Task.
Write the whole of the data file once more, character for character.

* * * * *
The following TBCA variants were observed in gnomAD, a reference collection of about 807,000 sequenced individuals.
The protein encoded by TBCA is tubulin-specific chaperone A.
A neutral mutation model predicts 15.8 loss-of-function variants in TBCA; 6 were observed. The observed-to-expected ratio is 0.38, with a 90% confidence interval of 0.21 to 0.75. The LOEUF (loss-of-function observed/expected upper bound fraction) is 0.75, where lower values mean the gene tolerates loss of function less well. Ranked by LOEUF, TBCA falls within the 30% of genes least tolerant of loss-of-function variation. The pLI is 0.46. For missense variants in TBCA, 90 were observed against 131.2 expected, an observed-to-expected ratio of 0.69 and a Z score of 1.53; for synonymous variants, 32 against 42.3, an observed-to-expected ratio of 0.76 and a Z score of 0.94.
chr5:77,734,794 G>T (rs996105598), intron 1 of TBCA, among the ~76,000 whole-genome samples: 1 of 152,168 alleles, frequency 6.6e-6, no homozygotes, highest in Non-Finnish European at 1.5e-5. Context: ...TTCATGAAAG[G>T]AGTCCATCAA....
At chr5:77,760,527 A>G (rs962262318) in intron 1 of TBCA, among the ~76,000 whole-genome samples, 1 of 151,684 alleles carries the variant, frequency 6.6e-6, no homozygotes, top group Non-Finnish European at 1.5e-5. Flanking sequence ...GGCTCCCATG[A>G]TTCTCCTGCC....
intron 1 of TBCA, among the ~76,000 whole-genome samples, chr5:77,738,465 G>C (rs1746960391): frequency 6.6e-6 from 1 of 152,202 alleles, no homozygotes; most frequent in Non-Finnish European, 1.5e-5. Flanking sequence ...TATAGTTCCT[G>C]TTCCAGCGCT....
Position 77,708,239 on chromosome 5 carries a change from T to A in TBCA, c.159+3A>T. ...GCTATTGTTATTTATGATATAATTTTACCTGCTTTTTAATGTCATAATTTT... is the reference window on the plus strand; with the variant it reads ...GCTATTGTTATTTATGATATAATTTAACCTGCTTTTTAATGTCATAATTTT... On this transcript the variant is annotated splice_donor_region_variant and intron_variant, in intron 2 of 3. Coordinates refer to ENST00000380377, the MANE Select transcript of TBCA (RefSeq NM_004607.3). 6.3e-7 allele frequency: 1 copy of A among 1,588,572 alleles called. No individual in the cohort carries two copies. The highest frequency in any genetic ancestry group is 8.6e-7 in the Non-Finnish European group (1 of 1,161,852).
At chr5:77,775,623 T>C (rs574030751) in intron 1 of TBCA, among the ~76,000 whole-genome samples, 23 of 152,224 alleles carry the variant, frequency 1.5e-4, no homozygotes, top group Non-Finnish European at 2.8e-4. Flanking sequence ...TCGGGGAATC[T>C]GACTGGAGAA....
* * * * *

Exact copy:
The following TBCA variants were observed in gnomAD, a reference collection of about 807,000 sequenced individuals.
The protein encoded by TBCA is tubulin-specific chaperone A.
A neutral mutation model predicts 15.8 loss-of-function variants in TBCA; 6 were observed. The observed-to-expected ratio is 0.38, with a 90% confidence interval of 0.21 to 0.75. The LOEUF (loss-of-function observed/expected upper bound fraction) is 0.75, where lower values mean the gene tolerates loss of function less well. Ranked by LOEUF, TBCA falls within the 30% of genes least tolerant of loss-of-function variation. The pLI is 0.46. For missense variants in TBCA, 90 were observed against 131.2 expected, an observed-to-expected ratio of 0.69 and a Z score of 1.53; for synonymous variants, 32 against 42.3, an observed-to-expected ratio of 0.76 and a Z score of 0.94.
chr5:77,734,794 G>T (rs996105598), intron 1 of TBCA, among the ~76,000 whole-genome samples: 1 of 152,168 alleles, frequency 6.6e-6, no homozygotes, highest in Non-Finnish European at 1.5e-5. Context: ...TTCATGAAAG[G>T]AGTCCATCAA....
At chr5:77,760,527 A>G (rs962262318) in intron 1 of TBCA, among the ~76,000 whole-genome samples, 1 of 151,684 alleles carries the variant, frequency 6.6e-6, no homozygotes, top group Non-Finnish European at 1.5e-5. Flanking sequence ...GGCTCCCATG[A>G]TTCTCCTGCC....
intron 1 of TBCA, among the ~76,000 whole-genome samples, chr5:77,738,465 G>C (rs1746960391): frequency 6.6e-6 from 1 of 152,202 alleles, no homozygotes; most frequent in Non-Finnish European, 1.5e-5. Flanking sequence ...TATAGTTCCT[G>C]TTCCAGCGCT....
Position 77,708,239 on chromosome 5 carries a change from T to A in TBCA, c.159+3A>T. ...GCTATTGTTATTTATGATATAATTTTACCTGCTTTTTAATGTCATAATTTT... is the reference window on the plus strand; with the variant it reads ...GCTATTGTTATTTATGATATAATTTAACCTGCTTTTTAATGTCATAATTTT... On this transcript the variant is annotated splice_donor_region_variant and intron_variant, in intron 2 of 3. Coordinates refer to ENST00000380377, the MANE Select transcript of TBCA (RefSeq NM_004607.3). 6.3e-7 allele frequency: 1 copy of A among 1,588,572 alleles called. No individual in the cohort carries two copies. The highest frequency in any genetic ancestry group is 8.6e-7 in the Non-Finnish European group (1 of 1,161,852).
At chr5:77,775,623 T>C (rs574030751) in intron 1 of TBCA, among the ~76,000 whole-genome samples, 23 of 152,224 alleles carry the variant, frequency 1.5e-4, no homozygotes, top group Non-Finnish European at 2.8e-4. Flanking sequence ...TCGGGGAATC[T>C]GACTGGAGAA....